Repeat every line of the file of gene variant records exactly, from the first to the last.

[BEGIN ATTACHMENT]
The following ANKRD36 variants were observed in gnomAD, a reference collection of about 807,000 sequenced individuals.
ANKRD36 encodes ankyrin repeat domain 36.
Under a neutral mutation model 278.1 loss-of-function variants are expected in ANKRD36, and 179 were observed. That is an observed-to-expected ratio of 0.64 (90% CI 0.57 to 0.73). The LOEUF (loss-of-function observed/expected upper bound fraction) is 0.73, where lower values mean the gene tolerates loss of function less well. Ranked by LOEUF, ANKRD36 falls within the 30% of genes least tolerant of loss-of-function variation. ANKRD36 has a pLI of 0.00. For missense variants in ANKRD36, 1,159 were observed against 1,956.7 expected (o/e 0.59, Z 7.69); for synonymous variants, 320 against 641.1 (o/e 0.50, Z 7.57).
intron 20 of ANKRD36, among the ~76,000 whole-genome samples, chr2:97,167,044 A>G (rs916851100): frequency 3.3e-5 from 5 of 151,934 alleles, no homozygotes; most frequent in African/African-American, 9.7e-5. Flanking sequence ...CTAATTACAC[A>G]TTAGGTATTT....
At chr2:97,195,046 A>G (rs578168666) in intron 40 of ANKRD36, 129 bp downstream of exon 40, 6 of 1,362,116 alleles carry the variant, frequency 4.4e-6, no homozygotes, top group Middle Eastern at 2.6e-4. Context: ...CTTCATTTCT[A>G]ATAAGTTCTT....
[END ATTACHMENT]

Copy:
The following ANKRD36 variants were observed in gnomAD, a reference collection of about 807,000 sequenced individuals.
ANKRD36 encodes ankyrin repeat domain 36.
Under a neutral mutation model 278.1 loss-of-function variants are expected in ANKRD36, and 179 were observed. That is an observed-to-expected ratio of 0.64 (90% CI 0.57 to 0.73). The LOEUF (loss-of-function observed/expected upper bound fraction) is 0.73, where lower values mean the gene tolerates loss of function less well. Ranked by LOEUF, ANKRD36 falls within the 30% of genes least tolerant of loss-of-function variation. ANKRD36 has a pLI of 0.00. For missense variants in ANKRD36, 1,159 were observed against 1,956.7 expected (o/e 0.59, Z 7.69); for synonymous variants, 320 against 641.1 (o/e 0.50, Z 7.57).
intron 20 of ANKRD36, among the ~76,000 whole-genome samples, chr2:97,167,044 A>G (rs916851100): frequency 3.3e-5 from 5 of 151,934 alleles, no homozygotes; most frequent in African/African-American, 9.7e-5. Flanking sequence ...CTAATTACAC[A>G]TTAGGTATTT....
At chr2:97,195,046 A>G (rs578168666) in intron 40 of ANKRD36, 129 bp downstream of exon 40, 6 of 1,362,116 alleles carry the variant, frequency 4.4e-6, no homozygotes, top group Middle Eastern at 2.6e-4. Context: ...CTTCATTTCT[A>G]ATAAGTTCTT....